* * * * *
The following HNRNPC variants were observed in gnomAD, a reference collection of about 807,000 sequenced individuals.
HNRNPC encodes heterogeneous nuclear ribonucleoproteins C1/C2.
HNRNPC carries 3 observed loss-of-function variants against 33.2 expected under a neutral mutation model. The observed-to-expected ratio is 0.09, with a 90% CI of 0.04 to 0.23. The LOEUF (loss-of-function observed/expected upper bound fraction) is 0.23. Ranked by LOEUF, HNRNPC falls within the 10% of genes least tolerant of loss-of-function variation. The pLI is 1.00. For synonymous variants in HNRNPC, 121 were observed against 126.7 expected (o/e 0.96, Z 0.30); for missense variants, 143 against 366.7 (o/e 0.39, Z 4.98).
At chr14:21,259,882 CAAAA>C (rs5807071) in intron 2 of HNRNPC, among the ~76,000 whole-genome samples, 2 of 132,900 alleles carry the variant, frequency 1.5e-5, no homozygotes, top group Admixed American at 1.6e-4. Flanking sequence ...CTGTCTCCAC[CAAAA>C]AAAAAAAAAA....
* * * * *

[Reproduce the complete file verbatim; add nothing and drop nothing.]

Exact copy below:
The following HNRNPC variants were observed in gnomAD, a reference collection of about 807,000 sequenced individuals.
HNRNPC encodes heterogeneous nuclear ribonucleoproteins C1/C2.
HNRNPC carries 3 observed loss-of-function variants against 33.2 expected under a neutral mutation model. The observed-to-expected ratio is 0.09, with a 90% CI of 0.04 to 0.23. The LOEUF (loss-of-function observed/expected upper bound fraction) is 0.23. Ranked by LOEUF, HNRNPC falls within the 10% of genes least tolerant of loss-of-function variation. The pLI is 1.00. For synonymous variants in HNRNPC, 121 were observed against 126.7 expected (o/e 0.96, Z 0.30); for missense variants, 143 against 366.7 (o/e 0.39, Z 4.98).
At chr14:21,259,882 CAAAA>C (rs5807071) in intron 2 of HNRNPC, among the ~76,000 whole-genome samples, 2 of 132,900 alleles carry the variant, frequency 1.5e-5, no homozygotes, top group Admixed American at 1.6e-4. Flanking sequence ...CTGTCTCCAC[CAAAA>C]AAAAAAAAAA....